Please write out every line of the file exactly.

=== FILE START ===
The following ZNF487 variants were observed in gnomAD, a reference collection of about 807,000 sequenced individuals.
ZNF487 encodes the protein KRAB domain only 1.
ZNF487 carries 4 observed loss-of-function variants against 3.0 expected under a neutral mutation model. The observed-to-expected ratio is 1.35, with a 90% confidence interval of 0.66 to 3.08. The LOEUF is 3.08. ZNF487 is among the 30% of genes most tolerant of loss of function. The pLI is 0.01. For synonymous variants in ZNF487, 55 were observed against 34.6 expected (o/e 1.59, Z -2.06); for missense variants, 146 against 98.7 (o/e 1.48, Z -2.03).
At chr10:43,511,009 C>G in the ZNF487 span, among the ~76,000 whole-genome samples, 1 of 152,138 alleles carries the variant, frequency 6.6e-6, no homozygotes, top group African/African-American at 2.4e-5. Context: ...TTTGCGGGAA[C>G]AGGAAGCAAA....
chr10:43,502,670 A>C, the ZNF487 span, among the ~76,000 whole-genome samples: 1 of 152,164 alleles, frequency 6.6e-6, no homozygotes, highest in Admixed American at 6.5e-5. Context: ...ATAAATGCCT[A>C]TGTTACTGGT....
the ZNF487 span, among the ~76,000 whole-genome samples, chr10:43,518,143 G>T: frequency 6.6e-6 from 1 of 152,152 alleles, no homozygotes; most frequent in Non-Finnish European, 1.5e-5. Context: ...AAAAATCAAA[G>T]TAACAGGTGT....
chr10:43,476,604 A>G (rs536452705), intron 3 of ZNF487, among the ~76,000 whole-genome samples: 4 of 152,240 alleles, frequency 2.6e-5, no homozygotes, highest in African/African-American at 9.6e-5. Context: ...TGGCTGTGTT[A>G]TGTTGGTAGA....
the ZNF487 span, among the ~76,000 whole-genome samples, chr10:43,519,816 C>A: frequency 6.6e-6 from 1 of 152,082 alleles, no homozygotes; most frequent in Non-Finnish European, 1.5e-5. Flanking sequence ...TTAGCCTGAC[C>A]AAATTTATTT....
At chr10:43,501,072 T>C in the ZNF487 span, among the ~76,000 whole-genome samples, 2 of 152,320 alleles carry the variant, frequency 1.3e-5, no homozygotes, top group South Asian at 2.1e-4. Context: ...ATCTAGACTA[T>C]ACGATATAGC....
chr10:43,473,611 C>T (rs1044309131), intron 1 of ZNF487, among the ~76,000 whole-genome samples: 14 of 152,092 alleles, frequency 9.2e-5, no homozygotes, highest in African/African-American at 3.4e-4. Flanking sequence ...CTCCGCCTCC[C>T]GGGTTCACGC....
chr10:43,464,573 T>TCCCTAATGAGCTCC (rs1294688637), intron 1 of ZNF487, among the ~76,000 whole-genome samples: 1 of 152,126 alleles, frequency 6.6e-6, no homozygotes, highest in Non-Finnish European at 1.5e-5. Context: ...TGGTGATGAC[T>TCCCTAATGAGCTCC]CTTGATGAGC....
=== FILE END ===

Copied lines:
The following ZNF487 variants were observed in gnomAD, a reference collection of about 807,000 sequenced individuals.
ZNF487 encodes the protein KRAB domain only 1.
ZNF487 carries 4 observed loss-of-function variants against 3.0 expected under a neutral mutation model. The observed-to-expected ratio is 1.35, with a 90% confidence interval of 0.66 to 3.08. The LOEUF is 3.08. ZNF487 is among the 30% of genes most tolerant of loss of function. The pLI is 0.01. For synonymous variants in ZNF487, 55 were observed against 34.6 expected (o/e 1.59, Z -2.06); for missense variants, 146 against 98.7 (o/e 1.48, Z -2.03).
At chr10:43,511,009 C>G in the ZNF487 span, among the ~76,000 whole-genome samples, 1 of 152,138 alleles carries the variant, frequency 6.6e-6, no homozygotes, top group African/African-American at 2.4e-5. Context: ...TTTGCGGGAA[C>G]AGGAAGCAAA....
chr10:43,502,670 A>C, the ZNF487 span, among the ~76,000 whole-genome samples: 1 of 152,164 alleles, frequency 6.6e-6, no homozygotes, highest in Admixed American at 6.5e-5. Context: ...ATAAATGCCT[A>C]TGTTACTGGT....
the ZNF487 span, among the ~76,000 whole-genome samples, chr10:43,518,143 G>T: frequency 6.6e-6 from 1 of 152,152 alleles, no homozygotes; most frequent in Non-Finnish European, 1.5e-5. Context: ...AAAAATCAAA[G>T]TAACAGGTGT....
chr10:43,476,604 A>G (rs536452705), intron 3 of ZNF487, among the ~76,000 whole-genome samples: 4 of 152,240 alleles, frequency 2.6e-5, no homozygotes, highest in African/African-American at 9.6e-5. Context: ...TGGCTGTGTT[A>G]TGTTGGTAGA....
the ZNF487 span, among the ~76,000 whole-genome samples, chr10:43,519,816 C>A: frequency 6.6e-6 from 1 of 152,082 alleles, no homozygotes; most frequent in Non-Finnish European, 1.5e-5. Flanking sequence ...TTAGCCTGAC[C>A]AAATTTATTT....
At chr10:43,501,072 T>C in the ZNF487 span, among the ~76,000 whole-genome samples, 2 of 152,320 alleles carry the variant, frequency 1.3e-5, no homozygotes, top group South Asian at 2.1e-4. Context: ...ATCTAGACTA[T>C]ACGATATAGC....
chr10:43,473,611 C>T (rs1044309131), intron 1 of ZNF487, among the ~76,000 whole-genome samples: 14 of 152,092 alleles, frequency 9.2e-5, no homozygotes, highest in African/African-American at 3.4e-4. Flanking sequence ...CTCCGCCTCC[C>T]GGGTTCACGC....
chr10:43,464,573 T>TCCCTAATGAGCTCC (rs1294688637), intron 1 of ZNF487, among the ~76,000 whole-genome samples: 1 of 152,126 alleles, frequency 6.6e-6, no homozygotes, highest in Non-Finnish European at 1.5e-5. Context: ...TGGTGATGAC[T>TCCCTAATGAGCTCC]CTTGATGAGC....